Deborah Hersman

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Person.png Deborah Hersman  Rdf-entity.pngRdf-icon.png
Deborah Hersman NTSB Chairman.jpeg
BornMay 7, 1970
Edwards Air Force Base, California, U.S.
Alma materVirginia Polytechnic Institute and State University, George Mason University
ParentsWalter C Hersma
Investigated collision of two Washington Metro trains and over 25 major transportation incidents.

Deborah A.P. Hersman is a former board member of the U.S. National Transportation Safety Board. She completed two terms as chairman and was confirmed by the U.S. Senate on October 16, 2013, for a third term. On March 11, 2014, she announced she would join the National Safety Council as its president and CEO.[1] She is currently the chief safety officer at Waymo.[2]

Personal life

She is the eldest daughter of retired Air Force Brig. Gen. Walter C Hersman, who was a Defense Intelligence Agency operative[3]. She has two sisters. She was born in California and lived with her family in places such as Amman, Jordan, Madrid, Spain, as well as Woodbridge, England and numerous states. She attended 4 different high schools. By the time she turned 17, the Hersmans had settled in Northern Virginia[4] where she attended Chantilly High School. She was a student pilot and soloed but did not complete her training.[5][6]

In 1992, she earned Bachelor of Arts degrees in Political Science and International Studies from Virginia Tech. In 2000, she earned an M.S. in Conflict Analysis and Resolution from George Mason University.[7] Hersman is married to her high school sweetheart and former Virginia Tech classmate, Niel Plummer.[8] They have three sons.[6]


She began her government career on the staff of West Virginia Congressman Bob Wise as an unpaid intern during the summer of her sophomore year at Virginia Tech.[8] She rose from intern to office manager and then to senior legislative aide. While working for Wise, Hersman dealt with a series of coal train derailments near Point Pleasant, West Virginia. Wise said, "She has a backbone. Don't ever think that you are ever going to push her over."[6]

In 1999, she left Wise's office to join the staff of the United States Senate Committee on Commerce, Science, and Transportation.[7] Her efforts contributed to the passage of milestone bills such as the Motor Carrier Safety Improvement Act of 1999, Pipeline Safety Improvement Act of 2002, Transportation Equity Act of the 21st Century and Amtrak Reform and Accountability Act.[9]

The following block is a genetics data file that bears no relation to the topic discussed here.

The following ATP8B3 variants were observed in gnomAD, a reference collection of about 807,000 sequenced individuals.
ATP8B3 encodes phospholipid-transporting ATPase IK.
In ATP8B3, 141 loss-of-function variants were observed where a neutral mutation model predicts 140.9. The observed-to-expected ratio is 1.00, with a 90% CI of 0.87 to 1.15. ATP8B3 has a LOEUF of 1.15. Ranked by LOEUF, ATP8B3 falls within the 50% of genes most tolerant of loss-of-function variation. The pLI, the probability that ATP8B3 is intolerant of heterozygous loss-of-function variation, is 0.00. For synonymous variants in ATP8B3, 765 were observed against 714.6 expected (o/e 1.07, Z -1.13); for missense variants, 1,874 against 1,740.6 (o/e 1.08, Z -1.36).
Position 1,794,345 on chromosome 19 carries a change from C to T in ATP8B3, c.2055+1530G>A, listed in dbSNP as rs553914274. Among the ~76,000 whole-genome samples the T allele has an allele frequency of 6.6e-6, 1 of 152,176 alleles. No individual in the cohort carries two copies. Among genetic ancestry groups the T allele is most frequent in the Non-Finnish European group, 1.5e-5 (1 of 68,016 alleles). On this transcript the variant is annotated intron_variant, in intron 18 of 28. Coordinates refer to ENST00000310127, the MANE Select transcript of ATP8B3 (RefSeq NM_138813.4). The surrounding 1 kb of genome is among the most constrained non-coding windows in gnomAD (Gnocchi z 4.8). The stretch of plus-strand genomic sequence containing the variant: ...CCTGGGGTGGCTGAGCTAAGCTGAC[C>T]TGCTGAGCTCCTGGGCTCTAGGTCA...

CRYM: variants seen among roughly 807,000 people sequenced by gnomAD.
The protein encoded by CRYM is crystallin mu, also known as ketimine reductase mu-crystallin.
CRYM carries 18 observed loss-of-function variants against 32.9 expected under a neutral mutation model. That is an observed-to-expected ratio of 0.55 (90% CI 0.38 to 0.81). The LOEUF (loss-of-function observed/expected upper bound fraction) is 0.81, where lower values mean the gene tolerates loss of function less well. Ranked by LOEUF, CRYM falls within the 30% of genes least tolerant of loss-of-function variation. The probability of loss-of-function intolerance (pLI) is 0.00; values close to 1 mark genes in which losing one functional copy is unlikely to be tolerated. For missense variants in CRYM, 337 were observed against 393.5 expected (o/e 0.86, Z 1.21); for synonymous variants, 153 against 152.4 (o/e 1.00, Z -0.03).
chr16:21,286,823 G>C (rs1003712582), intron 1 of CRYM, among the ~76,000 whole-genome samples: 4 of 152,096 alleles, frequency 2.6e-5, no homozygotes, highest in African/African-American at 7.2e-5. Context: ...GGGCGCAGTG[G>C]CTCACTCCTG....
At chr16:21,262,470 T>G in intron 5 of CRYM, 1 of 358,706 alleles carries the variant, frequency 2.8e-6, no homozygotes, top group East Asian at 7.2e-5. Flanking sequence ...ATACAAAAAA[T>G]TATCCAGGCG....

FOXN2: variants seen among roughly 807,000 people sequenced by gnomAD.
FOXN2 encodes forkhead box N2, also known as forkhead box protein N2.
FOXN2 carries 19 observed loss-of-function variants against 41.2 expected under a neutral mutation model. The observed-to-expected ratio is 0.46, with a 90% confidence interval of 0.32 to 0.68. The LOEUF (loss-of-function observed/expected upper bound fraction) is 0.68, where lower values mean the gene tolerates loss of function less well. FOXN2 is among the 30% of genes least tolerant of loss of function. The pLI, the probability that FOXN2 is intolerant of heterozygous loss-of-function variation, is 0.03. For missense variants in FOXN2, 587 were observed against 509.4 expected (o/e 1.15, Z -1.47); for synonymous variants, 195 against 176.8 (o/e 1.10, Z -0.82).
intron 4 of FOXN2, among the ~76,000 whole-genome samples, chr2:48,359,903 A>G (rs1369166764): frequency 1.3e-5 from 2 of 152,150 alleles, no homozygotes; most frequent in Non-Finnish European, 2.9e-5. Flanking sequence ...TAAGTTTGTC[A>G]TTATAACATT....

In 2004, Hersman was appointed as a board member of the NTSB by President George W. Bush. In 2009, President Barack Obama reappointed her to a second five-year term and appointed her to a two-year term as chairman, making her, at age 39, one of the youngest to ever to fill that position.[10] President Obama reappointed Hersman as chairman in 2011, and in August 2013, he nominated her for a third term as chairman and for a third term as a board member. Pending Senate confirmation, the President designated Hersman to serve as vice chairman, making her acting chairman of the NTSB.[11] Her nomination was confirmed by voice vote on October 16, 2013.[12]

As a board member, Hersman traveled with NTSB teams investigating major accidents ranging from the collision of two Washington Metro trains to the mid-air collision of a sightseeing helicopter and single-engine airplane over the Hudson River in New York City.[13] She investigated over 25 major transportation incidents during her tenure at the NTSB. Among her many initiatives as chairman, Ms. Hersman focused on distracted driving, child passenger safety and helping victims and their families.

Deborah Hersman with British chairs Keith Conradi and Carolyn Griffiths, London year 2014

Working as chair of the NTSB she met up with her counterparts in other countries, e.g. the United Kingdom.

Since 2014, Hersman has led the nonprofit National Safety Council, based in Itasca, Illinois as its president and CEO.[14] She was awarded the 2015 Sentinel of Safety Award by the National Air Traffic Controllers Association for her dedication to transportation and aviation safety.[15] She was recognized by NHTSA Public Service Award in 2016.[16] In 2017, Hersman was appointed by former Transportation Secretary Anthony Foxx to serve on the Department of Transportation Advisory Committee on Automation in Transportation. The advisory panel was established to provide counsel regarding technology implementation that can save lives and help eliminate preventable fatalities in all modes of transportation.[17] Hersman chaired the Road to Zero Coalition led by the National Safety Council, The U.S. Department of Transportation's National Highway Traffic Safety Administration, Federal Highway Administration and Federal Motor Carrier Safety Administration. The Coalition aims to end roadway fatalities within 30 years by a strategy that combines education, engineering, enforcement and emergency medical services.[18] She stepped down when she left the National Safety Council in January 2019 to lead the safety team at Waymo.


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